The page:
Success is like lightning
If it strikes you more than once, then there must be something special about you.
A lot of good things happened to us in 2017 when Kiwix got officially started. 2018 was even better: we released the first version of the hotspot installer in the Spring, entered an official partnership with the Wikimedia Foundation in the Summer, and released a first beta version of Kiwix for desktop in the Fall, one that can fully support the updated zim format. And oh, yeah, we were invited to hold our yearly hackathon at Google’s Zurich office in September, which was nice.
Seeing Kiwix do as well as it did in 2018 is only an encouragement to keep making it better. Much better. For all the talk about new techs and disruption (whatever that means), the fact is that 4 billion people still lack a decent internet access.
2018 will be remembered as the year where Kiwix (as a software) was ready to show a line of updated products across all platforms.
So here’s our promise for this year: we’ll start shifting our focus from container to content, and make it easier to store and share and learn for everyone, everywhere.
A lot of new
There are two types of developments: those we can see, such as new apps, new features, new content. And those that are harder to spot, like new tools for development, new servers, new programs. Lucky for us, we got both this year:
- Kiwix 2.4 for Android, with a new interface, new search features
- Kiwix 2.0 (beta) for Desktop (Windows/Linux)
- A new, improved pre-indexed zim file format for mediawiki content
- A desktop-based hotspot installer
- A first foray into MOOCs, these Massive Open Online (and now Offline) Courses
- All customs apps were upgraded and updated, and we now have 14 in 10 languages
Last, but not least, we continued to improve our Raspberry based technology, helping people set up their own local network thanks to a grant from the Orange Foundation.
It is now a lot easier to install Kiwix as a local hotspot.
Behind the scene
Other noteworthy changes on the backend side of things include improvements to zimlib and zimwriterfs, the tools needed to generate content file; a better youtube scrapper to get more videos; fulltext integration to our zimfiles. This may not seem much to the non-techies reading this, but that was a lot of work.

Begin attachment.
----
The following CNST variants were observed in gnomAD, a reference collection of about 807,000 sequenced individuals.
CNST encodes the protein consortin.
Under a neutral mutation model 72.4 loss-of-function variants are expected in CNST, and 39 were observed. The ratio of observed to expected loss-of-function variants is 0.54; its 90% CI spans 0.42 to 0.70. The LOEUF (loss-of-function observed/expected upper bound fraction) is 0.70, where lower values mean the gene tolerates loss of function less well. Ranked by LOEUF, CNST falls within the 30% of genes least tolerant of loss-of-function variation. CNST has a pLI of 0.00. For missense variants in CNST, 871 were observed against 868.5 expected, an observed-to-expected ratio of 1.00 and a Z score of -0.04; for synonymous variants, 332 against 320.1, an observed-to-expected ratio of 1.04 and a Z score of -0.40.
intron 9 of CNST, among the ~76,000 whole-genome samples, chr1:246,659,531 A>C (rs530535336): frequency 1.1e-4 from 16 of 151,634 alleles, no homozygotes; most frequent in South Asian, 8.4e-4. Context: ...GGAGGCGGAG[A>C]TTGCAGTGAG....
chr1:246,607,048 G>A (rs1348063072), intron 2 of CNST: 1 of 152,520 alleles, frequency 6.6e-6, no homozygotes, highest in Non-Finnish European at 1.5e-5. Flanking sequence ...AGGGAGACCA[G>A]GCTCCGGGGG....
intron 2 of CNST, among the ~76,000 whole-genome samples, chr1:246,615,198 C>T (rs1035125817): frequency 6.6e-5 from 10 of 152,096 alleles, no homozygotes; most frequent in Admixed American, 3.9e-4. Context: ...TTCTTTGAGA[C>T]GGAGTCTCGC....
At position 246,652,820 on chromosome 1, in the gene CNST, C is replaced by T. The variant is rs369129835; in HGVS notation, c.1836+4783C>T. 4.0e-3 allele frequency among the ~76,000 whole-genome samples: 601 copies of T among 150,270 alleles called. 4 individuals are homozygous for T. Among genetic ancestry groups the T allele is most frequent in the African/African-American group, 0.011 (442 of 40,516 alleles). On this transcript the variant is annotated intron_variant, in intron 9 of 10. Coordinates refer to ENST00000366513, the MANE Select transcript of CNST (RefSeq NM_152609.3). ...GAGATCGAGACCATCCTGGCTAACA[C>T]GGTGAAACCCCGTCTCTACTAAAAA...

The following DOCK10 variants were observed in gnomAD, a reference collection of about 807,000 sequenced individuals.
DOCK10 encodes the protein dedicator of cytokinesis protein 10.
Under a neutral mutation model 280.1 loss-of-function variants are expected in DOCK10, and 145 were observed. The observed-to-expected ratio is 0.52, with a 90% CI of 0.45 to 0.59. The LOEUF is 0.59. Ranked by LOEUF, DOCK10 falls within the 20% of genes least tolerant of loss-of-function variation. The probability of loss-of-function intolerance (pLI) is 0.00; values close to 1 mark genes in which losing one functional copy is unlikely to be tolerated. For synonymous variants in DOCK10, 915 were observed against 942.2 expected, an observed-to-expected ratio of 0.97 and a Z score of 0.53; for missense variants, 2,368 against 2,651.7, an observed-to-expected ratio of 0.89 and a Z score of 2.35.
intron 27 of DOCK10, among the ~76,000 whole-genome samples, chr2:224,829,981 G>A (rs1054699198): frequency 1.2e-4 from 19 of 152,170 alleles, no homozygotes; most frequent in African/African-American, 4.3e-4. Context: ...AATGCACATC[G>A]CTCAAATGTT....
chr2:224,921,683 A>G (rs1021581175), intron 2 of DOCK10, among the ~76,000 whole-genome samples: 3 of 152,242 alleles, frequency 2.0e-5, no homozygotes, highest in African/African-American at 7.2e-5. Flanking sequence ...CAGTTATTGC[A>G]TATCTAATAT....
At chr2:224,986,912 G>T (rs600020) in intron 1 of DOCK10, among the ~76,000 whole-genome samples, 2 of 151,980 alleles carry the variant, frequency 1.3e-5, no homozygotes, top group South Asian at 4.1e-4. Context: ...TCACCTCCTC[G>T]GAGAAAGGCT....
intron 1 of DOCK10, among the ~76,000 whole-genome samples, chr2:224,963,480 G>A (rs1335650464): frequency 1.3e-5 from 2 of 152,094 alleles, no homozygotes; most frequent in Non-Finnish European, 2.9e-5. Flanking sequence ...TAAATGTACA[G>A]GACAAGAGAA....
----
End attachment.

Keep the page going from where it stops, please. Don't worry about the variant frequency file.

We signed a partnership with the Wikimedia Foundation in July, which will help us guarantee a better stability for the Kiwix ecosystem (and pay for servers, hosting, equipment, code, etc.). The arrangement comes with an agreement that we should help make Wikipedia easier to access in places with low connectivity, and the first fruits should be visible as early as Spring of 2019.
«The local students use KIWIX on their mobile phones to access offline content, since there is no internet from the mobile carrier […] [Kiwix] is a welcome beacon in the darkness where there isn’t any light at all.»
This is a message from Eritrea
Where our servers show, surprisingly, no actual downloads. In Asmara, people apparently trade Kiwix and zim files for about a dollar. All offline. According to our contact there, every student uses it because it is free and more up-to-date than old books.
Our numbers, that’s what’s up!
Up up up, we go up. Be it the desktop versions, the increase in downloads reflects both an increased visibility on our side, as well as a sustained demand when it comes to accessing offline contents.
Another interesting takeaway is that from what we could see, different countries use different platforms, with mobile being particularly strong in India and Asia, generally speaking.
Kiwix was downloaded more than a million times from 202 countries and territories in 2018 (including the Vatican and Antarctica, apparently), with 80% of volumes in the Global South.
We offer content in 100 languages.
80% of our downloads come from the Global South
We have more than 1,000 different content files free for download.
Kiwix has reached a critical size: with six different platforms to maintain and dozens of apps in the works, we’ll have to make choices in assigning resources and priorities.
We’ve hired people to help us code-side and finally completed the split between the different core components of Kiwix so that they are easier to handle separately. With more servers, we should have no issue handling the steady increase in our userbase.
We will also keep adding new content – be it through partnerships or, again, by rolling out new features that will give people what we hope will be, at some point, a more seamless experience between on and offline.
Concretely, that means making it easier to create one’s hotspot, for instance. Or smaller files that are easy to download.
The big milestones next year will be a roll-out of thematic content (think Football Wikipedia), finalize the release of MOOCs, and finally release Zimfarm, to make updates more frequent and automated.